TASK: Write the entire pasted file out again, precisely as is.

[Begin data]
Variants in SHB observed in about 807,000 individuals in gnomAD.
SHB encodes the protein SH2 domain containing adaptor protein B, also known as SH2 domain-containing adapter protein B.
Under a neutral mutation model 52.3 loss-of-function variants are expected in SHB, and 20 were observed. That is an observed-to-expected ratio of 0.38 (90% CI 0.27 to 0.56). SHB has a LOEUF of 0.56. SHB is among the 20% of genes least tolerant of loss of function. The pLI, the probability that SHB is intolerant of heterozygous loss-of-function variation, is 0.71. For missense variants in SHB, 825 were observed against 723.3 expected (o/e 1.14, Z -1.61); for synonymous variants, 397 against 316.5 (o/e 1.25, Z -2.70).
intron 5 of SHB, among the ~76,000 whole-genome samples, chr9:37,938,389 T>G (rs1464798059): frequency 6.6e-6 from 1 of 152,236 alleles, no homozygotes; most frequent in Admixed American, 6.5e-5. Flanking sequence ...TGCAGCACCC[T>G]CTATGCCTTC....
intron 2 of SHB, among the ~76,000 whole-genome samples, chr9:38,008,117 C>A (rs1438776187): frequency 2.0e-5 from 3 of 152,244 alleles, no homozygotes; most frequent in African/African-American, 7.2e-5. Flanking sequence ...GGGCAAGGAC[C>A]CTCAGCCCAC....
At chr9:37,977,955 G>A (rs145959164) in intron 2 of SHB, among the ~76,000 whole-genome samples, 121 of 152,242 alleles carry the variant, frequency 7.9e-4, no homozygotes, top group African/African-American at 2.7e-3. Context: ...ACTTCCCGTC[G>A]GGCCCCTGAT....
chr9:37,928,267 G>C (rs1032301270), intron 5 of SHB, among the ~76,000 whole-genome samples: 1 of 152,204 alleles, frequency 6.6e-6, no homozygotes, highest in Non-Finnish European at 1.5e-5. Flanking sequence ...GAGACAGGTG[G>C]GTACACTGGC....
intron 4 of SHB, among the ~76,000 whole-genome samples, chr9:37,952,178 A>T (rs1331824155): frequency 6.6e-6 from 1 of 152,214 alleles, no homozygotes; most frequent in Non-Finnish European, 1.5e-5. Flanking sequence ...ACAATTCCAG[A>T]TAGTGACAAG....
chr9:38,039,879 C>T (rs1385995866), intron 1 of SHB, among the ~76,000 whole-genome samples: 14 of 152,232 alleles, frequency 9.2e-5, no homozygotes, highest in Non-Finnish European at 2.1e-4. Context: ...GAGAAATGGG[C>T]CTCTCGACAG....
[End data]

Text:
Variants in SHB observed in about 807,000 individuals in gnomAD.
SHB encodes the protein SH2 domain containing adaptor protein B, also known as SH2 domain-containing adapter protein B.
Under a neutral mutation model 52.3 loss-of-function variants are expected in SHB, and 20 were observed. That is an observed-to-expected ratio of 0.38 (90% CI 0.27 to 0.56). SHB has a LOEUF of 0.56. SHB is among the 20% of genes least tolerant of loss of function. The pLI, the probability that SHB is intolerant of heterozygous loss-of-function variation, is 0.71. For missense variants in SHB, 825 were observed against 723.3 expected (o/e 1.14, Z -1.61); for synonymous variants, 397 against 316.5 (o/e 1.25, Z -2.70).
intron 5 of SHB, among the ~76,000 whole-genome samples, chr9:37,938,389 T>G (rs1464798059): frequency 6.6e-6 from 1 of 152,236 alleles, no homozygotes; most frequent in Admixed American, 6.5e-5. Flanking sequence ...TGCAGCACCC[T>G]CTATGCCTTC....
intron 2 of SHB, among the ~76,000 whole-genome samples, chr9:38,008,117 C>A (rs1438776187): frequency 2.0e-5 from 3 of 152,244 alleles, no homozygotes; most frequent in African/African-American, 7.2e-5. Flanking sequence ...GGGCAAGGAC[C>A]CTCAGCCCAC....
At chr9:37,977,955 G>A (rs145959164) in intron 2 of SHB, among the ~76,000 whole-genome samples, 121 of 152,242 alleles carry the variant, frequency 7.9e-4, no homozygotes, top group African/African-American at 2.7e-3. Context: ...ACTTCCCGTC[G>A]GGCCCCTGAT....
chr9:37,928,267 G>C (rs1032301270), intron 5 of SHB, among the ~76,000 whole-genome samples: 1 of 152,204 alleles, frequency 6.6e-6, no homozygotes, highest in Non-Finnish European at 1.5e-5. Flanking sequence ...GAGACAGGTG[G>C]GTACACTGGC....
intron 4 of SHB, among the ~76,000 whole-genome samples, chr9:37,952,178 A>T (rs1331824155): frequency 6.6e-6 from 1 of 152,214 alleles, no homozygotes; most frequent in Non-Finnish European, 1.5e-5. Flanking sequence ...ACAATTCCAG[A>T]TAGTGACAAG....
chr9:38,039,879 C>T (rs1385995866), intron 1 of SHB, among the ~76,000 whole-genome samples: 14 of 152,232 alleles, frequency 9.2e-5, no homozygotes, highest in Non-Finnish European at 2.1e-4. Context: ...GAGAAATGGG[C>T]CTCTCGACAG....